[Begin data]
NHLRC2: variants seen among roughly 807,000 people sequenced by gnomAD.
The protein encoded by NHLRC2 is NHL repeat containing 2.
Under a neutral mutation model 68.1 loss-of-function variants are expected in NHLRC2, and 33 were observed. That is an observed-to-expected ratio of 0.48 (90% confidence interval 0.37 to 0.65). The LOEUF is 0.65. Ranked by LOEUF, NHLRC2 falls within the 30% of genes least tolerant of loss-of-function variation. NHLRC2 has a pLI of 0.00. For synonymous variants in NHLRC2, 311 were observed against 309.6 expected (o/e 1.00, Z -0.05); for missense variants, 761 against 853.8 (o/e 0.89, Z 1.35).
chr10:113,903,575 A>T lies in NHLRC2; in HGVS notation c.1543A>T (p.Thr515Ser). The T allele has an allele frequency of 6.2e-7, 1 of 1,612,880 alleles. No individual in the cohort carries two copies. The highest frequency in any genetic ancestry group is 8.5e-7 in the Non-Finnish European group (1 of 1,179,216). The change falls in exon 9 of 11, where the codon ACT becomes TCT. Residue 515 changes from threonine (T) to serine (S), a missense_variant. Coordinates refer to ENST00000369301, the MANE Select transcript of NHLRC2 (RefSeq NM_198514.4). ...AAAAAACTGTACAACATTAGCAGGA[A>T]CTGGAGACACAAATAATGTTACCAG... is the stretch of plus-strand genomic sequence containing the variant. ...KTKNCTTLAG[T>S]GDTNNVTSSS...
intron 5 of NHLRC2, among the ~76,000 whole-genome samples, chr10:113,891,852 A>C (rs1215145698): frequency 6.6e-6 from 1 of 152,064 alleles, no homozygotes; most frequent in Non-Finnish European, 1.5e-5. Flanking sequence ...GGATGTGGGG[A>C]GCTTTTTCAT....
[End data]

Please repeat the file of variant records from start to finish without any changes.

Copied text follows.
NHLRC2: variants seen among roughly 807,000 people sequenced by gnomAD.
The protein encoded by NHLRC2 is NHL repeat containing 2.
Under a neutral mutation model 68.1 loss-of-function variants are expected in NHLRC2, and 33 were observed. That is an observed-to-expected ratio of 0.48 (90% confidence interval 0.37 to 0.65). The LOEUF is 0.65. Ranked by LOEUF, NHLRC2 falls within the 30% of genes least tolerant of loss-of-function variation. NHLRC2 has a pLI of 0.00. For synonymous variants in NHLRC2, 311 were observed against 309.6 expected (o/e 1.00, Z -0.05); for missense variants, 761 against 853.8 (o/e 0.89, Z 1.35).
chr10:113,903,575 A>T lies in NHLRC2; in HGVS notation c.1543A>T (p.Thr515Ser). The T allele has an allele frequency of 6.2e-7, 1 of 1,612,880 alleles. No individual in the cohort carries two copies. The highest frequency in any genetic ancestry group is 8.5e-7 in the Non-Finnish European group (1 of 1,179,216). The change falls in exon 9 of 11, where the codon ACT becomes TCT. Residue 515 changes from threonine (T) to serine (S), a missense_variant. Coordinates refer to ENST00000369301, the MANE Select transcript of NHLRC2 (RefSeq NM_198514.4). ...AAAAAACTGTACAACATTAGCAGGA[A>T]CTGGAGACACAAATAATGTTACCAG... is the stretch of plus-strand genomic sequence containing the variant. ...KTKNCTTLAG[T>S]GDTNNVTSSS...
intron 5 of NHLRC2, among the ~76,000 whole-genome samples, chr10:113,891,852 A>C (rs1215145698): frequency 6.6e-6 from 1 of 152,064 alleles, no homozygotes; most frequent in Non-Finnish European, 1.5e-5. Flanking sequence ...GGATGTGGGG[A>C]GCTTTTTCAT....